The Basement Tapes Complete is by turns silly and funny, poignant and profound, rough round the edges and sharp at its centre. It is spare and stripped, and it is complex and complicated. It is the stuff of dreams and the makings of myth.
Of course, there is little here that we did not have before. Sitting with me is Great White Wonder and Troubled Troubador on vinyl, the too- polished 1975 double album on vinyl and CD, plus the 5CD The Genuine Basement Tapes which has 103 of the 138 (actually 140 – there are two hidden ones at the end of Disc 6) tracks featured on this latest official release, including the seminal I’m Not There, which prompted Kazuo Ishiguro to suggest that it should have been included in Lost, Stolen or Shredded, Rick Gekoski’s fascinating account of missing works of art.
Well, it is no longer missing. (Not that it ever was in this household!) And nor is this authentic record of Bob making music with four Canadians in the basement of Big Pink.
What strikes me, listening to them all again (and again and again) is how out of time they are. The year before we had marvelled at Bob’s electric music and the thrill of those 1966 shows still resound in my mind.
But in 1967? What were we listening to in 1967?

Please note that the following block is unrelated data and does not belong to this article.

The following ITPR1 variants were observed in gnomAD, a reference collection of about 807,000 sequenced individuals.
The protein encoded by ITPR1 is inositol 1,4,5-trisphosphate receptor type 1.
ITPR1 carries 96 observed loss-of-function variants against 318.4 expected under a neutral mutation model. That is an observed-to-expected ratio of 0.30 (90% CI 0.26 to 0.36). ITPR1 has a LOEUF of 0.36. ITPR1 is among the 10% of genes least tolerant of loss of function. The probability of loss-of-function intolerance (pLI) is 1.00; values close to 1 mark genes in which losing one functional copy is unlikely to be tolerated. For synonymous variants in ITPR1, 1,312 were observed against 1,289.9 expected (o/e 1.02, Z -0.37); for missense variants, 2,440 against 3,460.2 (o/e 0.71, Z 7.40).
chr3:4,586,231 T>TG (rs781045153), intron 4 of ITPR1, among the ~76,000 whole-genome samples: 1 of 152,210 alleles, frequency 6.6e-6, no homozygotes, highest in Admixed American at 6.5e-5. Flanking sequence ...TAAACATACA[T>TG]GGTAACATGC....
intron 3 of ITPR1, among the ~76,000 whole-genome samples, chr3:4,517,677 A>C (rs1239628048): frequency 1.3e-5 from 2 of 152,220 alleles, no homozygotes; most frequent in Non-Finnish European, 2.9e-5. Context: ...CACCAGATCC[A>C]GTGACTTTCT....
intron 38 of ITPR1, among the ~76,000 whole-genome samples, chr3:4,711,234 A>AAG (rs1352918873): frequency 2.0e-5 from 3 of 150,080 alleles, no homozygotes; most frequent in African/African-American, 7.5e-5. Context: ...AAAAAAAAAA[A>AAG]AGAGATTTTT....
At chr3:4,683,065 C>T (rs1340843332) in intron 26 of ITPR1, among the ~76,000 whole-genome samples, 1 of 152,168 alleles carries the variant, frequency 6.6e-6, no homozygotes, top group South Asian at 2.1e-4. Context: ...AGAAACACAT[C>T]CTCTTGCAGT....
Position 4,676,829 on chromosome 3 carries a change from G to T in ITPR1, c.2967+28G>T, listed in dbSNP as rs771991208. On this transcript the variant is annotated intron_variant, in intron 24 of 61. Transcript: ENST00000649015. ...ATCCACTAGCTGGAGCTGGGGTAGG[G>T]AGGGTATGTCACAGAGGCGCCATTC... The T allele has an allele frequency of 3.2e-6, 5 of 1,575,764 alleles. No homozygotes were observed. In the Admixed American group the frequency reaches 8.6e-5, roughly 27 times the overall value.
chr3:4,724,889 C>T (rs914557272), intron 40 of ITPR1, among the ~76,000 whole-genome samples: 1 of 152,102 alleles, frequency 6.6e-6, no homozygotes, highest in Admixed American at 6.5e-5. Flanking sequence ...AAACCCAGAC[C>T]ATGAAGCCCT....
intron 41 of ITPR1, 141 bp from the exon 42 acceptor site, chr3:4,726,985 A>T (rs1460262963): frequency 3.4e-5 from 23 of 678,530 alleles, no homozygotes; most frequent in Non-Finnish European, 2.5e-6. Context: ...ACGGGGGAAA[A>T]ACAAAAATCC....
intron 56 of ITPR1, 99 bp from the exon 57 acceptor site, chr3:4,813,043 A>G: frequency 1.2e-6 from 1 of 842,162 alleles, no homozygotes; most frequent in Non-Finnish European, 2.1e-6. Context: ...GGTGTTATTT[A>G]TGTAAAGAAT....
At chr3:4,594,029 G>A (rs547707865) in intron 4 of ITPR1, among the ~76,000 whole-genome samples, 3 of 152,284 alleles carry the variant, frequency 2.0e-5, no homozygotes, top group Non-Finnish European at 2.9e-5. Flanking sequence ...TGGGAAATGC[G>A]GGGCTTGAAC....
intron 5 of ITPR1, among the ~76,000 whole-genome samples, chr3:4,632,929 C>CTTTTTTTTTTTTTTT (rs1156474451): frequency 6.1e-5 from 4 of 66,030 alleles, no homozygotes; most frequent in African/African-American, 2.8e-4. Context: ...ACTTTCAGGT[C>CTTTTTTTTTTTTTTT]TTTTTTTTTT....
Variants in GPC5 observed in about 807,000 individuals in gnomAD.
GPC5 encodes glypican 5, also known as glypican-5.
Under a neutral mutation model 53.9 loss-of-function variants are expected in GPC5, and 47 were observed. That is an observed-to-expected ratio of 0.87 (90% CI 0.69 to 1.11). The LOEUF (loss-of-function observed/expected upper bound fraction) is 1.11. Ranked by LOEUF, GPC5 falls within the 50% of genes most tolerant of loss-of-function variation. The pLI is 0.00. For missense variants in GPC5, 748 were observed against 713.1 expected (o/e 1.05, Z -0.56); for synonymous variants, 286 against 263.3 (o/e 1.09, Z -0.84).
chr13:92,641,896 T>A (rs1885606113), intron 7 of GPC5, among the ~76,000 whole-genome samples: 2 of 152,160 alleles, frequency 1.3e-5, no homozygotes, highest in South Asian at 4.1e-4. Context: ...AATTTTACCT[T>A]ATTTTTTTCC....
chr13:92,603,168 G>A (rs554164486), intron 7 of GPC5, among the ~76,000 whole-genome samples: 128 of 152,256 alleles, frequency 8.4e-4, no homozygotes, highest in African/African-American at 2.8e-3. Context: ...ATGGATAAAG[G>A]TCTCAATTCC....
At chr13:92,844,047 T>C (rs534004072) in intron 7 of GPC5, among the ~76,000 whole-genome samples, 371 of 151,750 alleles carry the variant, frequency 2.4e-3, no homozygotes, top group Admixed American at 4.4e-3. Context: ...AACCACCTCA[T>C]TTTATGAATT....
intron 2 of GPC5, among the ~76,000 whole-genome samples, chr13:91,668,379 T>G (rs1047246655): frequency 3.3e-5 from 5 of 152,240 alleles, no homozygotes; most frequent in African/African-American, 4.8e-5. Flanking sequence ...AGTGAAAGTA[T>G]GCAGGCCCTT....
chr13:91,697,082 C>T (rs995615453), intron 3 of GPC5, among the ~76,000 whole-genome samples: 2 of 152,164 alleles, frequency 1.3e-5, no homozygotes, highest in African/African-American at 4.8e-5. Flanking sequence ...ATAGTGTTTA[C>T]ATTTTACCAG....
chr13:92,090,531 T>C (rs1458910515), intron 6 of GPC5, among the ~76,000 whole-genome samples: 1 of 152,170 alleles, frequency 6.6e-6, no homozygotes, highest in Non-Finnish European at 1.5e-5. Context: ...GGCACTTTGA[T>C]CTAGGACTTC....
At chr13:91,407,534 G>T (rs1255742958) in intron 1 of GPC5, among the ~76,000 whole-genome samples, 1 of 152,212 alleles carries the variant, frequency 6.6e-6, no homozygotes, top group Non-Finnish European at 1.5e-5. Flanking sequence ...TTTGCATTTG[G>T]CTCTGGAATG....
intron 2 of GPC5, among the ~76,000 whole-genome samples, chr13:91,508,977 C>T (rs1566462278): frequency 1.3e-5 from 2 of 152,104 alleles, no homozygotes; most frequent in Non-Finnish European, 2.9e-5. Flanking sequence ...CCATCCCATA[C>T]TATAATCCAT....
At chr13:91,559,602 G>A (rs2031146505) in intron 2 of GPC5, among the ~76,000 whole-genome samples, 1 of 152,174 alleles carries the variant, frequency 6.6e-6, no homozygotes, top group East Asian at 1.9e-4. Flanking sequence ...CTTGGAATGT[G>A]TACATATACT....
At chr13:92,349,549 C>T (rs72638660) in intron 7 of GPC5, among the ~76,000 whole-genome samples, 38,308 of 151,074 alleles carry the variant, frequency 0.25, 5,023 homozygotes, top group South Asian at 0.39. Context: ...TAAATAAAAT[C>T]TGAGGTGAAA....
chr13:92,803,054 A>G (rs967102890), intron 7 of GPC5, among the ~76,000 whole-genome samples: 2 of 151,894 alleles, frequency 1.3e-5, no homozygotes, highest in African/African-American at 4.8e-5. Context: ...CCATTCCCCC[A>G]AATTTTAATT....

Despite – or perhaps because of – the banning of pirate radio, we were smoking to the Velvet Underground and Nico, rocking and rolling to the Stones, analysing Sgt Pepper’s Lonely Hearts Club Band. But mostly, we were trippin’ out to the Dead and the Airplane. This was the psychedelic era: the Dead had already written Dark Star; the Airplane had released Surrealistic Pillow and After Bathing at Baxter’s; Hendrix was asking Are You Experienced?; the Electric Prunes went Underground; Syd and Pink Floyd debuted with The Piper at the Gates of Dawn.
So where was Bob while all this was going on? He was singing I’m Not There. Instead, he was holed up in Saugerties and bringing it all back home for those privileged to hear the original acetates. With the Band, he was moving effortlessly and spontaneously between genres, drawing on almost everything except psychedelia.
On these six CDs, you will hear folk, blues, nursery rhymes, Americana, surrealist improvisations. But nothing trippy, nothing spacy, nothing that reflected the zeitgeist. Or what we thought was the zeitgeist at the time.
As so often, Bob was right and he went on to demonstrate it in concrete form with John Wesley Harding later that year.
In Spring 1967 he re-invented music. We just didn’t know it. Listen to it all. Listen especially to Bourbon Street. “Ah! Play it pretty now, boys” he exhorts the Band. And Rick Danko responds with a melancholy trombone that would make Kid Ory cry.
Looking back (which he told us not to), I wish we had been aware of these songs and these recordings at the time.
They just might have changed my life.